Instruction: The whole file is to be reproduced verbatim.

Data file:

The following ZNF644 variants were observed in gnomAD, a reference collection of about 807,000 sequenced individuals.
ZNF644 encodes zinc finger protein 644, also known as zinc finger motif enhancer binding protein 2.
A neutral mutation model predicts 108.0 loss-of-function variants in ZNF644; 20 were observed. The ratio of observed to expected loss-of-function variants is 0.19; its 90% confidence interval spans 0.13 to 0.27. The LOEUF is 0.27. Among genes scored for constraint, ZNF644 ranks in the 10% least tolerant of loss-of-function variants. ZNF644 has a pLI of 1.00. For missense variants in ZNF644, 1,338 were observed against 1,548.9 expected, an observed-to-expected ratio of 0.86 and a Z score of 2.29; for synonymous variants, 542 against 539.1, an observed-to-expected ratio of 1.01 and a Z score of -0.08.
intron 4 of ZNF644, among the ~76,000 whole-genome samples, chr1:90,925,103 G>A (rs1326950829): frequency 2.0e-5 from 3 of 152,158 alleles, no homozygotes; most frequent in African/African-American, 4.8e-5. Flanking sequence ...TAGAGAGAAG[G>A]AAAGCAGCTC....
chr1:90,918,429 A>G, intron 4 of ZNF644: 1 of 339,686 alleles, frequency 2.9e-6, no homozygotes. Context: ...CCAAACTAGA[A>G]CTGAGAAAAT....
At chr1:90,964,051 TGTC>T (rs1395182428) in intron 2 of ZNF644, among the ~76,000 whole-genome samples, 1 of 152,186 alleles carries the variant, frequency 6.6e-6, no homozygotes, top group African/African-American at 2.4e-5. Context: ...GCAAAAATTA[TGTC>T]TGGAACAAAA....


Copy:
The following ZNF644 variants were observed in gnomAD, a reference collection of about 807,000 sequenced individuals.
ZNF644 encodes zinc finger protein 644, also known as zinc finger motif enhancer binding protein 2.
A neutral mutation model predicts 108.0 loss-of-function variants in ZNF644; 20 were observed. The ratio of observed to expected loss-of-function variants is 0.19; its 90% confidence interval spans 0.13 to 0.27. The LOEUF is 0.27. Among genes scored for constraint, ZNF644 ranks in the 10% least tolerant of loss-of-function variants. ZNF644 has a pLI of 1.00. For missense variants in ZNF644, 1,338 were observed against 1,548.9 expected, an observed-to-expected ratio of 0.86 and a Z score of 2.29; for synonymous variants, 542 against 539.1, an observed-to-expected ratio of 1.01 and a Z score of -0.08.
intron 4 of ZNF644, among the ~76,000 whole-genome samples, chr1:90,925,103 G>A (rs1326950829): frequency 2.0e-5 from 3 of 152,158 alleles, no homozygotes; most frequent in African/African-American, 4.8e-5. Flanking sequence ...TAGAGAGAAG[G>A]AAAGCAGCTC....
chr1:90,918,429 A>G, intron 4 of ZNF644: 1 of 339,686 alleles, frequency 2.9e-6, no homozygotes. Context: ...CCAAACTAGA[A>G]CTGAGAAAAT....
At chr1:90,964,051 TGTC>T (rs1395182428) in intron 2 of ZNF644, among the ~76,000 whole-genome samples, 1 of 152,186 alleles carries the variant, frequency 6.6e-6, no homozygotes, top group African/African-American at 2.4e-5. Context: ...GCAAAAATTA[TGTC>T]TGGAACAAAA....